Climate Division Data Now Available for Alaska
We’re announcing the release of new climate divisions and associated data for these 13 divisions in Alaska, which will include maximum, minimum, and average temperatures as well as average precipitation. These new Alaska data will be embedded in our climate divisional dataset for the contiguous United States—nClimDiv—and will be featured in products including Climatological Rankings and Climate at a Glance. The data will also be used in our monthly climate reports beginning with the February 2015 U.S. Climate Report. In the next few months, we also plan to implement operational climatological ranking maps for temperature and precipitation in Alaska.
Encompassing over 660,000 square miles—more than twice the size of Texas—with over 6,600 miles of coastline and a wide range of topography, Alaska has many different climates. Our new divisional data will help scientists better understand the various climates in Alaska as well as how they are changing over time. Additionally, the new robust divisional database will allow for increased seasonal forecasting services from NOAA’s Climate Prediction Center and will provide new ways to monitor hydrological conditions and drought within the state.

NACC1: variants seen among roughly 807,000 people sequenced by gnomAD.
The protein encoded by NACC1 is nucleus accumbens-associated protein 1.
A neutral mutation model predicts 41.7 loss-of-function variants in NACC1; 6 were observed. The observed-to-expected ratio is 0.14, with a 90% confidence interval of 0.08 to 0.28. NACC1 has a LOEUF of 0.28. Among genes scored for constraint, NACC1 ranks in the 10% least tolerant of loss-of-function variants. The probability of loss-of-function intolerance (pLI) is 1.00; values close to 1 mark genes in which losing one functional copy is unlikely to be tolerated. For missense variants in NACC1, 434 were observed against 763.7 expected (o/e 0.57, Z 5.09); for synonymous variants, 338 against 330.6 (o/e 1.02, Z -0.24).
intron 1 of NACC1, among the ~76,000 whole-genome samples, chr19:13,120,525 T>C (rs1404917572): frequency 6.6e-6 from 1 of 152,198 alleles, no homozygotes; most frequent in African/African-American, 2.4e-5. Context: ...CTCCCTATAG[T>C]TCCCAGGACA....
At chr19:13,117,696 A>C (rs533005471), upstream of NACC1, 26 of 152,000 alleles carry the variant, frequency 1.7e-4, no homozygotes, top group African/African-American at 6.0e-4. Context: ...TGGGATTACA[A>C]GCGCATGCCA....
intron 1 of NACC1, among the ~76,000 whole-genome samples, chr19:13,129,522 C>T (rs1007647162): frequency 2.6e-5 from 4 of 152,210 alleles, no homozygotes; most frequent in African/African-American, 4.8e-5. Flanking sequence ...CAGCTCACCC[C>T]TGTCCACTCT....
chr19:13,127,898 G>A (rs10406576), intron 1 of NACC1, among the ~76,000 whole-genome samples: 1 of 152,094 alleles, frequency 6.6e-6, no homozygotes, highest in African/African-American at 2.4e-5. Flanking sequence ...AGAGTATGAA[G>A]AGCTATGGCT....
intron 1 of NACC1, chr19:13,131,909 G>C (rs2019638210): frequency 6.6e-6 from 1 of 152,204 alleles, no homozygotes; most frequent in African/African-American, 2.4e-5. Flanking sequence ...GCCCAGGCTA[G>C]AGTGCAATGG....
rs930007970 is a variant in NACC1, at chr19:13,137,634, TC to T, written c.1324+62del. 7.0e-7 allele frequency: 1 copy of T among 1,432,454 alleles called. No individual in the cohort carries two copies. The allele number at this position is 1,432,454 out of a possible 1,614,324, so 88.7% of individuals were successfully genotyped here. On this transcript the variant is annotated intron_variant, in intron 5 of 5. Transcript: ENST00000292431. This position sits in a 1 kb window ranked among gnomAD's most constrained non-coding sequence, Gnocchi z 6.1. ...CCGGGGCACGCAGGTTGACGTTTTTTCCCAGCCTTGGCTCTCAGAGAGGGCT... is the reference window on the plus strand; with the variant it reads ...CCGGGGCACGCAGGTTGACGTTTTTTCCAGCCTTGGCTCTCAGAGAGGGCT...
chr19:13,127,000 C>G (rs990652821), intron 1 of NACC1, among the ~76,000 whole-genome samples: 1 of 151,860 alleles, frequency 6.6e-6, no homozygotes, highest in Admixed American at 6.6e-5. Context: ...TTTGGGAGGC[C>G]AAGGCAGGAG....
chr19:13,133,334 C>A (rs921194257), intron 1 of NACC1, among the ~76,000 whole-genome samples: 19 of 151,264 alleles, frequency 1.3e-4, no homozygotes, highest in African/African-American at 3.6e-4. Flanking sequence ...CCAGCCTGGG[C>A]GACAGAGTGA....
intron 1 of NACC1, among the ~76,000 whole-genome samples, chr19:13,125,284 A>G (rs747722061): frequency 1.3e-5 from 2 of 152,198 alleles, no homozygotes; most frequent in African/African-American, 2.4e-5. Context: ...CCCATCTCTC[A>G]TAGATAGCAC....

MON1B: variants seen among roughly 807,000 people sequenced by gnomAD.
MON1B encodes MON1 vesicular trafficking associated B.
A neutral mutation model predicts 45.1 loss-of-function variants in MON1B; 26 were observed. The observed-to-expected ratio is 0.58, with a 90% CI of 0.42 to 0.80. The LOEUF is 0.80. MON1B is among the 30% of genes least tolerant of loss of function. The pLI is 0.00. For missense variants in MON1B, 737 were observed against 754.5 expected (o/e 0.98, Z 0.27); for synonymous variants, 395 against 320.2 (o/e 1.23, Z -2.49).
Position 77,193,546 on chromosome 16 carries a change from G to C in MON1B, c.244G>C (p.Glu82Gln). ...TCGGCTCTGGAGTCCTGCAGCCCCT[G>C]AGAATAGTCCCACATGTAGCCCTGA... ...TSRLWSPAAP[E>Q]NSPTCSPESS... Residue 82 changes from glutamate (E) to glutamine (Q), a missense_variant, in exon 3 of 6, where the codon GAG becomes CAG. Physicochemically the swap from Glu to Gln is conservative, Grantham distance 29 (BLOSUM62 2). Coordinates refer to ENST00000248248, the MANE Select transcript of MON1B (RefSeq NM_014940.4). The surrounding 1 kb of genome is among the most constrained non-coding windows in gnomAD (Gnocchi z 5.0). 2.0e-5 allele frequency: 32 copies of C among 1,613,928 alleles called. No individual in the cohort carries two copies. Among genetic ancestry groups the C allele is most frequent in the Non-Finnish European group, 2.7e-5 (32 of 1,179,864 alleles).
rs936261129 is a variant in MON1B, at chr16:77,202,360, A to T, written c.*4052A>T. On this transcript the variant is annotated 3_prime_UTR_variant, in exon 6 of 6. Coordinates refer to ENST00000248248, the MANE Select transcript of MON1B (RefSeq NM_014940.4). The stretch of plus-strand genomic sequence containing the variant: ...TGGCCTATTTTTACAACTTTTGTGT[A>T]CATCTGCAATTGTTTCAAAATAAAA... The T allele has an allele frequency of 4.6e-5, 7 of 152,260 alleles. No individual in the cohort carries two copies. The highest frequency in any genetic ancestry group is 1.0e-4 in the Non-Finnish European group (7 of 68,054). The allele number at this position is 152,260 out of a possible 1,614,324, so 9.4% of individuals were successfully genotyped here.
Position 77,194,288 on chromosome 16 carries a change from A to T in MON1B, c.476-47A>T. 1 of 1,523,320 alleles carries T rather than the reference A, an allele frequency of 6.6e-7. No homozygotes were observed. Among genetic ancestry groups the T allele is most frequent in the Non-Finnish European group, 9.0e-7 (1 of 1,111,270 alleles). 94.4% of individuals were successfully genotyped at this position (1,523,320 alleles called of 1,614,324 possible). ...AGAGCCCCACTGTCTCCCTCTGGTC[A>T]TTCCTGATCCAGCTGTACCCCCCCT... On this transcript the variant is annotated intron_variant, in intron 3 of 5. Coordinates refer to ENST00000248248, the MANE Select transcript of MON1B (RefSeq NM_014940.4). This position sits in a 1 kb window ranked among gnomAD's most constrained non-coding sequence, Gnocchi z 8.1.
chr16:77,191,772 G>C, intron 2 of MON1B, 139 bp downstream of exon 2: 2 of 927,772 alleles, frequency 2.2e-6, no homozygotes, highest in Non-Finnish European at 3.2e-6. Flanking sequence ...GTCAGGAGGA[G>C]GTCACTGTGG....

The new Alaska data do differ somewhat from the previous contiguous U.S. divisional data. Spanning 1925 to the present, the Alaska divisional data are based on a similar methodology as the contiguous U.S. dataset but use 1971–2000 Climate Normals to determine differences from average. To learn more about the methodology behind the creation of these new data, see Climate Divisions for Alaska Based on Objective Methods in the Journal of Applied Meteorology and Climatology.